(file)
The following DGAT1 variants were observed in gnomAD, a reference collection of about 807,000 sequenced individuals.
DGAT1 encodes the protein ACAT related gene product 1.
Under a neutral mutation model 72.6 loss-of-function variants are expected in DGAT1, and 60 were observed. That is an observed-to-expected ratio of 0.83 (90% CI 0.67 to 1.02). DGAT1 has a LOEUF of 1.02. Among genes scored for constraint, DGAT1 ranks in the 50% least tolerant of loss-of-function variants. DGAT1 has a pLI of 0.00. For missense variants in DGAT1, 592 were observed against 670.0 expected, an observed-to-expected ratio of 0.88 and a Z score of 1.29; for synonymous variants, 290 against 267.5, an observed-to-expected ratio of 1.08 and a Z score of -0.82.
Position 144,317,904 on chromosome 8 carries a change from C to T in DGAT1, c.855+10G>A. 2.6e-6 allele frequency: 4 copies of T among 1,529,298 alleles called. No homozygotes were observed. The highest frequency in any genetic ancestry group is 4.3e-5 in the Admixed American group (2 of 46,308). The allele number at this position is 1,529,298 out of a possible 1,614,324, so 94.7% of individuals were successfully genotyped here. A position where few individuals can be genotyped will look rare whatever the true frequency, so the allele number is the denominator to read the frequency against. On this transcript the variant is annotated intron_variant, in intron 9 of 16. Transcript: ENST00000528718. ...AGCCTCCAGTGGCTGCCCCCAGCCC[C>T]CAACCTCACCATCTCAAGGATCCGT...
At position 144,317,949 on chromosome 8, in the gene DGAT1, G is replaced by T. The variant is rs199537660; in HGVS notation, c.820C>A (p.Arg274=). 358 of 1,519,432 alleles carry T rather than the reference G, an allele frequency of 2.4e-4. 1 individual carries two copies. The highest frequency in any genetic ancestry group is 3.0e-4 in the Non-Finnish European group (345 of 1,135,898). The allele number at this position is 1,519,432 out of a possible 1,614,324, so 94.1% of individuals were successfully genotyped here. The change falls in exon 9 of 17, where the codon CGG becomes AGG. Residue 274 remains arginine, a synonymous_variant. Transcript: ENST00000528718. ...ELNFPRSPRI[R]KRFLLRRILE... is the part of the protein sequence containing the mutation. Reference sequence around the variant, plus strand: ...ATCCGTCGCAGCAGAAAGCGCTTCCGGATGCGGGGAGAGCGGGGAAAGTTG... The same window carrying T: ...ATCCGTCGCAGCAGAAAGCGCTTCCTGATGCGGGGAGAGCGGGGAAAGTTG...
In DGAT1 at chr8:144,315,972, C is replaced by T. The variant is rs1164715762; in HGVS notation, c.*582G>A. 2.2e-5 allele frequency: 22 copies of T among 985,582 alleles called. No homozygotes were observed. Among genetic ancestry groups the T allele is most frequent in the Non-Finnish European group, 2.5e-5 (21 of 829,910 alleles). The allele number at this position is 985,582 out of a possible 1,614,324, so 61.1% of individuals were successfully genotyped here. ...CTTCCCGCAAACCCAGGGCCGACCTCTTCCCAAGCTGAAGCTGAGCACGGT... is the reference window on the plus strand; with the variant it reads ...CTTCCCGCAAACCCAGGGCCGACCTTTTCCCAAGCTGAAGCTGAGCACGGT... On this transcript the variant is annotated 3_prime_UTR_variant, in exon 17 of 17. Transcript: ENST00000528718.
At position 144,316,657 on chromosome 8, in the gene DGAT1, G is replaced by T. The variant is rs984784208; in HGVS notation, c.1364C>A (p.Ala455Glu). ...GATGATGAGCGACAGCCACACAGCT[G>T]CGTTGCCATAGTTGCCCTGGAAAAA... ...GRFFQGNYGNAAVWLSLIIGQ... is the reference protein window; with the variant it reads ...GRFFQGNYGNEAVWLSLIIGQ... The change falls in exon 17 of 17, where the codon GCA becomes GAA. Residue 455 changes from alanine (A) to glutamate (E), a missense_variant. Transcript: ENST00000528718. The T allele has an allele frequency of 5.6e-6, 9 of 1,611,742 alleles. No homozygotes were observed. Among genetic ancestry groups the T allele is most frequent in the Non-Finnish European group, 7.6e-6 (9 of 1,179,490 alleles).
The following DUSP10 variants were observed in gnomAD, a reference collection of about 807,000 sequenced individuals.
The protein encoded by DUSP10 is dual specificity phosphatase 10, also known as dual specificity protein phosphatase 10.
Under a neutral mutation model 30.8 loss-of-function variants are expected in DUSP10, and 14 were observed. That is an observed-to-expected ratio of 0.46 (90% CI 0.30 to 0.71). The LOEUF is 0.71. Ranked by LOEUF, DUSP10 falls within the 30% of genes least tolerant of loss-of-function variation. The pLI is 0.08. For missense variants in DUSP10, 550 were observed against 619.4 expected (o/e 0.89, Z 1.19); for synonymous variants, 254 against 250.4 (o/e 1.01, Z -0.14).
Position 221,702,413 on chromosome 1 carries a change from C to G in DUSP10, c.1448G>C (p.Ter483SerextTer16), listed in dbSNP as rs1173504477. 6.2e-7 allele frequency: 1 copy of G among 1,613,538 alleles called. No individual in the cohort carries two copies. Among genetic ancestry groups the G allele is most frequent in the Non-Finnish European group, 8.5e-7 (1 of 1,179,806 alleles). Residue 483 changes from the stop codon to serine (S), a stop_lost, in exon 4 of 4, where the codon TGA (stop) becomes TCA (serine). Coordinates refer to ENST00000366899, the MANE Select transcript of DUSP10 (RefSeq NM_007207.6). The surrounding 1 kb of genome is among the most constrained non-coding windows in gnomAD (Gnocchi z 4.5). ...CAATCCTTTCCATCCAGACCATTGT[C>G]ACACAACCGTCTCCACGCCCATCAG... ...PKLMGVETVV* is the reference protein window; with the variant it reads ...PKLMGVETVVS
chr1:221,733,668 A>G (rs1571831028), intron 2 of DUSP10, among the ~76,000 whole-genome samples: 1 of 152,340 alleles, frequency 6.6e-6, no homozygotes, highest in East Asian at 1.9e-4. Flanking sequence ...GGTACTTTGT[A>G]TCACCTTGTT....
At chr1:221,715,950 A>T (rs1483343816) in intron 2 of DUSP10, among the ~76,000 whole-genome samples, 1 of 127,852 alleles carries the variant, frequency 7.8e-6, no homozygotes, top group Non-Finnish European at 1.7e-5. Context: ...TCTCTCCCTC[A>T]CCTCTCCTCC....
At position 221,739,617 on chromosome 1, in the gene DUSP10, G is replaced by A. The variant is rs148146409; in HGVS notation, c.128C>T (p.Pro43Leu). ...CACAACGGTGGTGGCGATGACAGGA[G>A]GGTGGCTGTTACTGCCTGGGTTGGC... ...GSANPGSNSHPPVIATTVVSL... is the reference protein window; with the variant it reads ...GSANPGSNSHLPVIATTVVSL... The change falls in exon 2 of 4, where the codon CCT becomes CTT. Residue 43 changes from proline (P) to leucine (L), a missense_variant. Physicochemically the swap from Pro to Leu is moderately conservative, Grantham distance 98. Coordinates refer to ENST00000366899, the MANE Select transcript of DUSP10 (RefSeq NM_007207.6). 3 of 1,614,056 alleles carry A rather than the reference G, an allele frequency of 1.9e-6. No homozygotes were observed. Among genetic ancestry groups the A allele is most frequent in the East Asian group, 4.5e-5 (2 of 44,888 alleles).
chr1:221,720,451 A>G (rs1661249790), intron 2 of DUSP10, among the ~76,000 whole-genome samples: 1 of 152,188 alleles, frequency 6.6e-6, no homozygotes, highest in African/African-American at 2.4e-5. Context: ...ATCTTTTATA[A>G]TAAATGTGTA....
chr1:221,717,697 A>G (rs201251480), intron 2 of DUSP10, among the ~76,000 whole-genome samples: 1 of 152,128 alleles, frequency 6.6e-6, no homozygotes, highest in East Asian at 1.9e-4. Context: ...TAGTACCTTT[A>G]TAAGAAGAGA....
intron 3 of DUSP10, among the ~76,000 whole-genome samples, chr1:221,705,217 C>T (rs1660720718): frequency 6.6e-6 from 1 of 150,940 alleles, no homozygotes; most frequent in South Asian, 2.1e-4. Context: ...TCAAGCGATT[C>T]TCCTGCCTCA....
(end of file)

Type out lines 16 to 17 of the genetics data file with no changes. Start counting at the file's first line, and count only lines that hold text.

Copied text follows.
chr1:221,717,697 A>G (rs201251480), intron 2 of DUSP10, among the ~76,000 whole-genome samples: 1 of 152,128 alleles, frequency 6.6e-6, no homozygotes, highest in East Asian at 1.9e-4. Context: ...TAGTACCTTT[A>G]TAAGAAGAGA....
intron 3 of DUSP10, among the ~76,000 whole-genome samples, chr1:221,705,217 C>T (rs1660720718): frequency 6.6e-6 from 1 of 150,940 alleles, no homozygotes; most frequent in South Asian, 2.1e-4. Context: ...TCAAGCGATT[C>T]TCCTGCCTCA....